Probing the plume

Measuring the properties of the plasma in the plume to determine how efficiently the Hall Thruster is operating.

Probing the plume
Image Credit: NASA/ Rami Daud, Alcyon Technical Services

Mounted on a pivoting arm in a space simulation vacuum chamber, two tests gather information from the exhaust plume of a Hall Effect Thruster that will be worked for more than 5,000 hours.

Enveloped by clear darker tape to shield it from the disintegration of the fumes, the tests are estimating the properties of the plasma in the plume to decide how effectively the Hall Thruster is working.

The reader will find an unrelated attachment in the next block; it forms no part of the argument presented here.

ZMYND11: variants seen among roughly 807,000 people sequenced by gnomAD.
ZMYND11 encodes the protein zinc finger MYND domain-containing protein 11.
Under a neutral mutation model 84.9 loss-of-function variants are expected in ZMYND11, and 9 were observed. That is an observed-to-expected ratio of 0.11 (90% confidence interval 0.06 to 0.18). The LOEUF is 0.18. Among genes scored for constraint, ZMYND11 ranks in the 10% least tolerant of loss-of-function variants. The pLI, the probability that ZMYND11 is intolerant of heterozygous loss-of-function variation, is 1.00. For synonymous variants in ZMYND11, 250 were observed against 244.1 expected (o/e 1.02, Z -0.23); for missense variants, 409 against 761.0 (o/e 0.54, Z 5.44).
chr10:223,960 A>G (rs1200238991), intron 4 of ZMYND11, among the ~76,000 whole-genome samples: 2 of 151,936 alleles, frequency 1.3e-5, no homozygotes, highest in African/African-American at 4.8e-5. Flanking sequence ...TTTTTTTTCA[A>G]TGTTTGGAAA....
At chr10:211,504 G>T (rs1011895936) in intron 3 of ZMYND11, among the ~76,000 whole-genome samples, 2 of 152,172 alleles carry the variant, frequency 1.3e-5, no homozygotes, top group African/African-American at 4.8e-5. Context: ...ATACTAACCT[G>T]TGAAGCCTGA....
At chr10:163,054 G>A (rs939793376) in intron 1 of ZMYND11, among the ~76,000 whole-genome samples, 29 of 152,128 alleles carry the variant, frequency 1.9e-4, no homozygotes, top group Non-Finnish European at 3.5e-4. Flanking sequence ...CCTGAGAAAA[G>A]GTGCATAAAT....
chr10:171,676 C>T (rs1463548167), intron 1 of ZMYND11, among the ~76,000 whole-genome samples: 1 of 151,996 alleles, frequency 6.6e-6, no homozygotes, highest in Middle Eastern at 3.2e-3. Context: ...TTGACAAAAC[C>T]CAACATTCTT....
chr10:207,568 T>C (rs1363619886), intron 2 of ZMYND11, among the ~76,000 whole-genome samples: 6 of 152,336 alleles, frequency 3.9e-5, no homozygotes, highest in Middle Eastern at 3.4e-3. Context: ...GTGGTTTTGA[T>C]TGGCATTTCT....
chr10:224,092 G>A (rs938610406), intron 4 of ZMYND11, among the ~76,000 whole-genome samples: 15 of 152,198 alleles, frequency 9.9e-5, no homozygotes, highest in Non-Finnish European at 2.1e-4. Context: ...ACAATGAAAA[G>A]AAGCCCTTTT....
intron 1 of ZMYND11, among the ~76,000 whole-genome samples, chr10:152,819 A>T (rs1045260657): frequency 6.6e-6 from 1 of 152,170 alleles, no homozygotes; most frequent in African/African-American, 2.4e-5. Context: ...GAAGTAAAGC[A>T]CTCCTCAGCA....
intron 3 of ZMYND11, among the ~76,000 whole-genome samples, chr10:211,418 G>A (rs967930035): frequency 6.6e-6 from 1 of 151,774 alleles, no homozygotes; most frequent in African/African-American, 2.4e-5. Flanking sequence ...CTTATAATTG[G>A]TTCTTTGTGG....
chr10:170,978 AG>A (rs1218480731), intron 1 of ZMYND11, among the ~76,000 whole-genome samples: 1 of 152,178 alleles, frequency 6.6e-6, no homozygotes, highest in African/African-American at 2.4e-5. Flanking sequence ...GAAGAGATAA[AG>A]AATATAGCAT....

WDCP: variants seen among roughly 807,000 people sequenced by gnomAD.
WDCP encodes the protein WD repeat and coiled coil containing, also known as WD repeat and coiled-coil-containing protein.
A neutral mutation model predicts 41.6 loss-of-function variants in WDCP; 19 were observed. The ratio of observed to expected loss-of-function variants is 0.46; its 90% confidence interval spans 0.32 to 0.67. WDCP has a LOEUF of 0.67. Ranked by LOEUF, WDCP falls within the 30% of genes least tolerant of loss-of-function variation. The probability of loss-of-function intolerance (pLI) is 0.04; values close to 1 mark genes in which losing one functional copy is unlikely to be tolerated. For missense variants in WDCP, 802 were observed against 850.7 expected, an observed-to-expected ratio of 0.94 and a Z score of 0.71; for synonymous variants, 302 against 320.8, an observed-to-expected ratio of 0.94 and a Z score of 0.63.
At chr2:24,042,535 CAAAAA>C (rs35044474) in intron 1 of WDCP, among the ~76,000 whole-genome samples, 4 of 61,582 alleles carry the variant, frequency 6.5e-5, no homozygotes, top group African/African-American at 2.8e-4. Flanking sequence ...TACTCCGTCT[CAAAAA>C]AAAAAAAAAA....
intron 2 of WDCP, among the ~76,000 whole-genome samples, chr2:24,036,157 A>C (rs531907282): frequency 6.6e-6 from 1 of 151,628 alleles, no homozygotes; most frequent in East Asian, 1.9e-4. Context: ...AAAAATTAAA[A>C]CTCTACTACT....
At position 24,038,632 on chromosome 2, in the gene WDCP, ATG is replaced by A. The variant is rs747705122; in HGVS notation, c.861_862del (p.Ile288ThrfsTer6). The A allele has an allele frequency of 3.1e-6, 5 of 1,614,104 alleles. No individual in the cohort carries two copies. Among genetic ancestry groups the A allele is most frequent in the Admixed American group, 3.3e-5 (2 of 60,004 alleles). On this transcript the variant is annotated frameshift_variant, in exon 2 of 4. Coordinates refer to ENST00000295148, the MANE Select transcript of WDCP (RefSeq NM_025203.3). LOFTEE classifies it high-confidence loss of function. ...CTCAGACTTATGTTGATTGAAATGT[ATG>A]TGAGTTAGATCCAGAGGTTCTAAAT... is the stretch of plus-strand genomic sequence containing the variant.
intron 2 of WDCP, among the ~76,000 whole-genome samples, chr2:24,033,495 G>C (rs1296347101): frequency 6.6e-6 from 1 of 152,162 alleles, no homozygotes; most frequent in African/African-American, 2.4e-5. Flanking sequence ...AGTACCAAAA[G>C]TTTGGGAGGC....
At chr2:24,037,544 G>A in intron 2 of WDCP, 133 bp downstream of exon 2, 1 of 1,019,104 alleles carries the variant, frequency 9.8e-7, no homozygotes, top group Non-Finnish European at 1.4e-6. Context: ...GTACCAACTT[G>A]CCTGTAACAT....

Hall thrusters make pushed by ionizing propellent with electrons caught in a magnetic field at the open end of the thruster and quickening the ionized charge with an electric field.

Its capacity to yield a higher push to-control proportion is a piece of why this kind of advanced solar electric propulsion will be required for future human undertakings into profound space, including to Mars.

To learn more about how we test electric propulsion technology, visit the 360˚ virtual tour of our testing facility.

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